Graduate Tampa Bay: Tampa Bay Community Colleges Target Baby Boomers

17 Feb

Published in 83 Degrees Media, 12.17.13

With a growing population of people over the age of 50 in the Tampa Bay region, local community colleges are attracting older students to new programs designed to help experienced adults hone skills and perhaps achieve an encore career.
The programs are possible thanks to grants from the American Association of Community Colleges’ Plus 50 Encore Completion Program, which aims to help the growing population with workforce training and preparation for new careers.
Of 100 community colleges selected for the program nationwide, three are in the Tampa Bay region: Pasco Hernando Community College, St. Petersburg College and State College of Florida Sarasota-Manatee.
The program focuses on fields that give back and are in demand: education, health care and social services.
“Baby boomers are starting to retire, but are not ready to quit work,” says Cindy Hunter, director of continuing and community education at State College of Florida. “Many are looking for short-term training or degree programs that will upgrade their skills or retrain them for a new job.”
Testing The Waters
State College launched an eight-week pilot program this fall to allow people to see if returning to college is right for them. The first four weeks provided computer training, a career interest inventory and a personality inventory. Students could then choose to reenter the workforce, in which case they received interview training and assistance with their resume and cover letter. If they chose to continue their education, they spent the next four weeks upgrading their math, reading and writing skills to prepare to enter the College’s degree or certificate programs.
They are also developing an alternative certification program, which provides short-term training for anyone who has a Bachelors, Masters or Doctorate Degree and wants to work in the public school system. They will receive three to six months of training in classroom management.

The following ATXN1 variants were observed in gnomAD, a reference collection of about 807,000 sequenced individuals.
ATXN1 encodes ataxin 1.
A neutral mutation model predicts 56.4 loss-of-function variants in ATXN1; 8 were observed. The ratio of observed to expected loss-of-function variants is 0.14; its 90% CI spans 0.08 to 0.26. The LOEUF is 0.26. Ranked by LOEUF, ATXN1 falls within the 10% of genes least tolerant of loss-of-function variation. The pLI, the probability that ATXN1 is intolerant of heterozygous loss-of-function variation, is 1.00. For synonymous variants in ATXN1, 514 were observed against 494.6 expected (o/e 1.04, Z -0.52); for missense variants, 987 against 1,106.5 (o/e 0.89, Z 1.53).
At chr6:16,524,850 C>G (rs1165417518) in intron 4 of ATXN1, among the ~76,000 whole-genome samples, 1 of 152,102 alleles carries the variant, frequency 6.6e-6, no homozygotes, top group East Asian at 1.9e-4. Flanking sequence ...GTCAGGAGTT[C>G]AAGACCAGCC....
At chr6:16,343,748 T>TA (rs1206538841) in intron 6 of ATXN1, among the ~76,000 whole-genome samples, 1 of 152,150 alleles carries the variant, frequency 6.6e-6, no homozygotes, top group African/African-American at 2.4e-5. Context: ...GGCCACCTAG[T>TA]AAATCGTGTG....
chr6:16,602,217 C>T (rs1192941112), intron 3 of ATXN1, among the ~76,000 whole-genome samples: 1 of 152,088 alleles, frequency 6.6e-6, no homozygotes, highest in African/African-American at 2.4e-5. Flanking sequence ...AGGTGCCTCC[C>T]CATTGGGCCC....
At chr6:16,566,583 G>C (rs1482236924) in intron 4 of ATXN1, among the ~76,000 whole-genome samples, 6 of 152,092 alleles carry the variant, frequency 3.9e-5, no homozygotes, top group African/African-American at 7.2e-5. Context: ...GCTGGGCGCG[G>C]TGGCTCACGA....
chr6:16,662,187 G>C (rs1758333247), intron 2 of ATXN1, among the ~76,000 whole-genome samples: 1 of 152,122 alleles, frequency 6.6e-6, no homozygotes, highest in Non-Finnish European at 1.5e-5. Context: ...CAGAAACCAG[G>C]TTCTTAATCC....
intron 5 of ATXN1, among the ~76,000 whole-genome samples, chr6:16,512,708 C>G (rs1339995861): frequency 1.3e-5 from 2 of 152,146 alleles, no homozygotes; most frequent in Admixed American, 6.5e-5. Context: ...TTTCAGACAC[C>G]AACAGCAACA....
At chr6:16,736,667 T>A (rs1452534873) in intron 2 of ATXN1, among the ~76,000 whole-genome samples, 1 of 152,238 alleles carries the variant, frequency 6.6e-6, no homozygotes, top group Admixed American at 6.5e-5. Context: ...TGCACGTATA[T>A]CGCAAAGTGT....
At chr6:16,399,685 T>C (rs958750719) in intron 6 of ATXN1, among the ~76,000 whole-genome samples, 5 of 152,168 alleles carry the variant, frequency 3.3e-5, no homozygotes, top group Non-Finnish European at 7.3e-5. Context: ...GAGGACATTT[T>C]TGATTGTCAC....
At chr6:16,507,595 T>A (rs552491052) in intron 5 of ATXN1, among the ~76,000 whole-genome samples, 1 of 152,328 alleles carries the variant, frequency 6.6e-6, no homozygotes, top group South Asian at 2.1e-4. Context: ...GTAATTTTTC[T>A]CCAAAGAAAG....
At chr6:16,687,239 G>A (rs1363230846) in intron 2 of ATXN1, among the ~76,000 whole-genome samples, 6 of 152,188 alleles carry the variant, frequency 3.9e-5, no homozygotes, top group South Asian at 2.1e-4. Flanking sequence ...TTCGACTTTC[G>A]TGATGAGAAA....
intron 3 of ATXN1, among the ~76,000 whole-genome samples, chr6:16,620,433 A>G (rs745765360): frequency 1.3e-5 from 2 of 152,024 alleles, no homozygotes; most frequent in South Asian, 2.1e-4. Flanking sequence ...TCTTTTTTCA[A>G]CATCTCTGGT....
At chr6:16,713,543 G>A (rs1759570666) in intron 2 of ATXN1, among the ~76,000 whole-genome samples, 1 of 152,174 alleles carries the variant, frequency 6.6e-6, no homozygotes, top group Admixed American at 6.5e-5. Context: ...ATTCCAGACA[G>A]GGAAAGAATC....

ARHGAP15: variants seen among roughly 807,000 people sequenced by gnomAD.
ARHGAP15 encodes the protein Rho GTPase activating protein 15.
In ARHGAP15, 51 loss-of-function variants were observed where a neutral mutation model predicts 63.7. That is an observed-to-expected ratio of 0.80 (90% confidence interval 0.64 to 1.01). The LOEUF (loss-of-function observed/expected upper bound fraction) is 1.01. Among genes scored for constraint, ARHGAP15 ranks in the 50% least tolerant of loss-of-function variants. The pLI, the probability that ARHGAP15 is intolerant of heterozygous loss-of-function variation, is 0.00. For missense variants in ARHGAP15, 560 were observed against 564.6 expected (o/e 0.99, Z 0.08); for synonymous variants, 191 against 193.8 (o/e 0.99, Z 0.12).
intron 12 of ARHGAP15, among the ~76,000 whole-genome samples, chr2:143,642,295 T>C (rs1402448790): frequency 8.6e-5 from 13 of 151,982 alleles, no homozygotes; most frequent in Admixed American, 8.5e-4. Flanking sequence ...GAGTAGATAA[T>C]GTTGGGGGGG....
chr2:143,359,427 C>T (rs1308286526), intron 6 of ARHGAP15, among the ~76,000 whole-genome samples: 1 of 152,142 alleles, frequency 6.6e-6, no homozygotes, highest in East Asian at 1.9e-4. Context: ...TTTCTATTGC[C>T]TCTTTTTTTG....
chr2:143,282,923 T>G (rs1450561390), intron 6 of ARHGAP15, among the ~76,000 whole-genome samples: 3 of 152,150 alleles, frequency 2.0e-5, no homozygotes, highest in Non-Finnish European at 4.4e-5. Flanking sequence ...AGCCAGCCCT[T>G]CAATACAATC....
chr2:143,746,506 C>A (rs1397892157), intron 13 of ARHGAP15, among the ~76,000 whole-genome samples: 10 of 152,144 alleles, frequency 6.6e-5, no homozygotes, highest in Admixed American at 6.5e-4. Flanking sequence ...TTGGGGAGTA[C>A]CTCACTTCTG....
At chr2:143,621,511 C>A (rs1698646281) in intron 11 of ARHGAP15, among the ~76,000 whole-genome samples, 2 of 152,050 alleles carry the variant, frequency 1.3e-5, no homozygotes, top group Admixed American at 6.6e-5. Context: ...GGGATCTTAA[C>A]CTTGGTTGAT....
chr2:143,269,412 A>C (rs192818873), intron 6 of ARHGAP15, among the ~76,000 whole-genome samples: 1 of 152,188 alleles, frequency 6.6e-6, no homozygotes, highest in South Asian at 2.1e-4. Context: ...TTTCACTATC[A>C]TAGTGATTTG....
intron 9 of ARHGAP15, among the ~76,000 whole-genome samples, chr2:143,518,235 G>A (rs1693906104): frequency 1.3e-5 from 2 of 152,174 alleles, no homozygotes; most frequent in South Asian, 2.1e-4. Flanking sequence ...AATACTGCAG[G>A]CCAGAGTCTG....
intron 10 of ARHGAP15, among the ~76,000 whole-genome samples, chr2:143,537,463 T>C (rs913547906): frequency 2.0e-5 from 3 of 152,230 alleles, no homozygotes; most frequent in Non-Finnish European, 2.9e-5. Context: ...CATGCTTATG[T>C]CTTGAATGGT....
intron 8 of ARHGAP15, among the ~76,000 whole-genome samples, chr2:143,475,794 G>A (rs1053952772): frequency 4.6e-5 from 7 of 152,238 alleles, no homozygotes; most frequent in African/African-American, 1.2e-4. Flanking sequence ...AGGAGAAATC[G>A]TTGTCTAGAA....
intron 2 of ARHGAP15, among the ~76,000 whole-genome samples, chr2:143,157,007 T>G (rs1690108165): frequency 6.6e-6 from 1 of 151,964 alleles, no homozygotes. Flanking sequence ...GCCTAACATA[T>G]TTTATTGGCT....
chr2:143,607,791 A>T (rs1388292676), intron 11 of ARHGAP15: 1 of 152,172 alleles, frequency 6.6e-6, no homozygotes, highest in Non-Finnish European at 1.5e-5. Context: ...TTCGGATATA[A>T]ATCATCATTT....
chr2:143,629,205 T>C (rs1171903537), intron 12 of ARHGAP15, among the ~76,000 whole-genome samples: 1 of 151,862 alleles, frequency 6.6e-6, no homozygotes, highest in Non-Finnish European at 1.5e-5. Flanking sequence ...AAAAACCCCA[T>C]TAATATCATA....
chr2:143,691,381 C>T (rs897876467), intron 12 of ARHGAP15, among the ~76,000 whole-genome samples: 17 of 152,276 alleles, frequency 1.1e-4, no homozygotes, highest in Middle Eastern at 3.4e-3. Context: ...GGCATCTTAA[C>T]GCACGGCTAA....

Raising The Comfort Level
St. Petersburg College also launched programs to entice students over the age of 50 to enroll in one of their existing programs, which include a certificate in health information management or a technical certificate in health data analysis.
Faculty, student services and admissions offices are being trained to better serve the over 50 population. An individual on each of the College campuses has been appointed as a reference point to assist with registration and identification of campus resources. Orientations and information sessions help them better navigate the campus atmosphere. A demo class prior to starting the program helps them become more comfortable with technology.

“The whole process is very new and unique to them, something we tend to take for granted,” says Sheila Newberry, PhD., program coordinator for the Plus 50 Encore Completion Program at St. Petersburg College. Newberry recently completed her doctoral dissertation with an emphasis on people over 50 returning to community college. “It’s just a new world. It’s nothing like what they experienced if they had been to college before.”

One thing that encouraged Newberry’s dissertation topic was the increase in college attendance by this age group within the last three to four years. She could see some of them very nervous about going back, particularly about using technology and being in a class with younger adults. Programs like the Encore Plus 50 Completion aim to make seniors more comfortable on a college campus.
According to the latest census data, close to 50 percent of the population in Pinellas County is over the age of 45.
“We have a wealth of individuals out there that we could do a lot of good for and hopefully help them establish a better lifestyle,” says Newberry.
Programs like these further the Graduate Tampa Bay initiative led by the Tampa Bay Partnership, which aims to increase the level of college degree attainment in the region by 1 percent. A higher level of degree attainment will lead to more economic vitality and job quality in the region.

 

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